Monday, January 27, 2014

Preserve Your Memories

One of my oldest and dearest friends e-mailed me last Thursday. The gist of the communication was "Everything okay? You aren't posting and I want to make sure you haven't died or something." (That's the New American Standard translation, and liberties may have been taken from the original Greek.)

Everything fine here. Last week was trustee meeting and between that and the frozen brain cells that have resulted from Mother Nature's latest blast of let's-stick-you-in-the-freezer-and-see-if-you-have-more-sympathy-for-English-peas-now, I didn't find the three minutes I usually use to think about blog posts during the latter part of the week.

Then on Saturday I was busy de-stuff-ifying.

The process has been going quite smoothly so far. Every Saturday I don't have to be out of town I have committed to removing four garbage bags and/or boxes of stuff from the House on the Corner, so after three weeks I have lightened the load on its weight-bearing beams by TWELVE BAGS! Woooo!

The experience has been strangely liberating. I have two keep-or-dispose-of litmus tests--Have I used it recently? and Does it have sentimental value to my children?, and if the answer to both of those questions was "no," out it went. Bags of old birthday cards and lists from 1997 went into the trash. Counted cross-stitch kits that I will never finish went into the Goodwill pile. Books that I will never re-read were earmarked for the library book sale.

And then we came to the records.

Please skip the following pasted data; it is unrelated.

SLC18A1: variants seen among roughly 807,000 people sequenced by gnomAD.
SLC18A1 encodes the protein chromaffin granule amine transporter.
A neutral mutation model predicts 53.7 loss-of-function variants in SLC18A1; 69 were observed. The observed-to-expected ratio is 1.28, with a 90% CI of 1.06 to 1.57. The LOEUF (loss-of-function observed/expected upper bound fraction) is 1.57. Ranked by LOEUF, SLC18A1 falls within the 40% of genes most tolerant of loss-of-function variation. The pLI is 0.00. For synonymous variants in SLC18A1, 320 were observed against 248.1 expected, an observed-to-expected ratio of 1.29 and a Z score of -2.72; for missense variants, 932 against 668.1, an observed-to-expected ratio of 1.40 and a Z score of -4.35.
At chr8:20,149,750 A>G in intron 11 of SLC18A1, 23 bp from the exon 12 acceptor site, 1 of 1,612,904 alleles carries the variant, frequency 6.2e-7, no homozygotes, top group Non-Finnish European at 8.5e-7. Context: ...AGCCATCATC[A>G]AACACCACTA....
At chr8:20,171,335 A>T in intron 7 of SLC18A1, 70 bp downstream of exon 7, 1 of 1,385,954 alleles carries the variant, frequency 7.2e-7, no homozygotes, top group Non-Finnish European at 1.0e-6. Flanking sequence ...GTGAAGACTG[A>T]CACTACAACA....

When Husband and I married, we each brought into the union a healthy stack of long-playing vinyl that we played on our fancy turntable with the three-foot-tall speakers. A few years later, though, we moved to the House on the Corner, where we discovered that it's not only humans who get a little shaky after 100 years on the planet. Walking across the living room floor while the stereo was playing would cause the needle to skip, so we stopped playing the albums until the problem could be fixed. Meantime, here came digital recordings, MP3 players, all kinds of gizmos that made LPs obsolete. Our stacks of records sat properly on their edges (to avoid warping) for almost 30 years. We loved those records--they were the soundtrack of our angst years, and just hearing Elton John croon the title song of his Friends album could transport me back to my moody high school self.

Saturday we decided it was time to let someone who would actually play these records have a chance at them. I called a local collector, who said he was interested, and we carted the 150 or so albums down to the dining room table. As it turned out, though, the collector had a different perception of the desirability of our albums than we did. He shuffled through a few, grabbed a handful out of the stacks, and was out the door before we could explain that this was IMPORTANT MUSIC.

This was the Switched-on Bach that was my very first album! That was the Jesus Christ Superstar recording that I played until it was etched into my brain! Those were the Broadway cast recordings that made me love Music Man and West Side Story and Cabaret! Over there is the recording of The First Family that I can still quote verbatim ("The rubber ducky? Is mine.")! He didn't even glance at any of these, or at the Carpenters or the Eagles or the Marshall Tucker Band, or Peter Paul and Mary. It was heartbreaking.

But then I remembered, again, the rules I'm using in this process. We haven't listened to any of those records for at least 25 years, and they have no sentimental value to my children, so they're leaving the house. I am de-stuff-ifying and that makes me happy, but these records have taken me back to a time of innocence, a time of confidences, and that makes me melancholy.

I think I'll go listen to some Simon and Garfunkel.

1 comment:

  1. You are an inspiration. And I hope you post frequent updates about this de-stuff-ifying because I need the constant reminders. I did okay this weekend... 2 bags. Hopefully will have time during the week to get at least 2 more!